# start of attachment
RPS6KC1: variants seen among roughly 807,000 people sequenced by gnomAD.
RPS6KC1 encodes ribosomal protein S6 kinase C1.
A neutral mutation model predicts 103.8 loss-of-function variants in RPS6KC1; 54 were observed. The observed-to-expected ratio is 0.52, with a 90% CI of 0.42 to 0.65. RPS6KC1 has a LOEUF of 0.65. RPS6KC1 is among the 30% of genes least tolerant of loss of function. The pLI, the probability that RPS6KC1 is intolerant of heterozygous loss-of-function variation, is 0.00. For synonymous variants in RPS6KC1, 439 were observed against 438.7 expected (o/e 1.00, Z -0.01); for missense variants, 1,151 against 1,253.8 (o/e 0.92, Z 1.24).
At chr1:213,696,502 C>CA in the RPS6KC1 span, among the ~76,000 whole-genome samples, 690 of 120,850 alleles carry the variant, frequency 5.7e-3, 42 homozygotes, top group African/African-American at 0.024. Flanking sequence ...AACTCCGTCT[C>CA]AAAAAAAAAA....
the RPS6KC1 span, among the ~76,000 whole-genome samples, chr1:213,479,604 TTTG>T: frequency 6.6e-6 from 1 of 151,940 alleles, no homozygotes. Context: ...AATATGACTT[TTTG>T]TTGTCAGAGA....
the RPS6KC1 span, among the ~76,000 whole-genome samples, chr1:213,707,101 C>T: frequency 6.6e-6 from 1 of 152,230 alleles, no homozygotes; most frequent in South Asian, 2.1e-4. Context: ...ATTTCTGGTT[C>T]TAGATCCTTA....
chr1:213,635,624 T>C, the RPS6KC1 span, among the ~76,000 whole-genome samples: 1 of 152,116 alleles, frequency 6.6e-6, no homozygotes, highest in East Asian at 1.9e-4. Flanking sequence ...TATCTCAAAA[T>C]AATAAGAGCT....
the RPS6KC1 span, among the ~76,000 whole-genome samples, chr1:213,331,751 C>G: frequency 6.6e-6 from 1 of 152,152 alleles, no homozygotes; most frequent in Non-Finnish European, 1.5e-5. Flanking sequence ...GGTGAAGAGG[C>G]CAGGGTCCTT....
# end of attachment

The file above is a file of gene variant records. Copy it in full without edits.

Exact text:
RPS6KC1: variants seen among roughly 807,000 people sequenced by gnomAD.
RPS6KC1 encodes ribosomal protein S6 kinase C1.
A neutral mutation model predicts 103.8 loss-of-function variants in RPS6KC1; 54 were observed. The observed-to-expected ratio is 0.52, with a 90% CI of 0.42 to 0.65. RPS6KC1 has a LOEUF of 0.65. RPS6KC1 is among the 30% of genes least tolerant of loss of function. The pLI, the probability that RPS6KC1 is intolerant of heterozygous loss-of-function variation, is 0.00. For synonymous variants in RPS6KC1, 439 were observed against 438.7 expected (o/e 1.00, Z -0.01); for missense variants, 1,151 against 1,253.8 (o/e 0.92, Z 1.24).
At chr1:213,696,502 C>CA in the RPS6KC1 span, among the ~76,000 whole-genome samples, 690 of 120,850 alleles carry the variant, frequency 5.7e-3, 42 homozygotes, top group African/African-American at 0.024. Flanking sequence ...AACTCCGTCT[C>CA]AAAAAAAAAA....
the RPS6KC1 span, among the ~76,000 whole-genome samples, chr1:213,479,604 TTTG>T: frequency 6.6e-6 from 1 of 151,940 alleles, no homozygotes. Context: ...AATATGACTT[TTTG>T]TTGTCAGAGA....
the RPS6KC1 span, among the ~76,000 whole-genome samples, chr1:213,707,101 C>T: frequency 6.6e-6 from 1 of 152,230 alleles, no homozygotes; most frequent in South Asian, 2.1e-4. Context: ...ATTTCTGGTT[C>T]TAGATCCTTA....
chr1:213,635,624 T>C, the RPS6KC1 span, among the ~76,000 whole-genome samples: 1 of 152,116 alleles, frequency 6.6e-6, no homozygotes, highest in East Asian at 1.9e-4. Flanking sequence ...TATCTCAAAA[T>C]AATAAGAGCT....
the RPS6KC1 span, among the ~76,000 whole-genome samples, chr1:213,331,751 C>G: frequency 6.6e-6 from 1 of 152,152 alleles, no homozygotes; most frequent in Non-Finnish European, 1.5e-5. Flanking sequence ...GGTGAAGAGG[C>G]CAGGGTCCTT....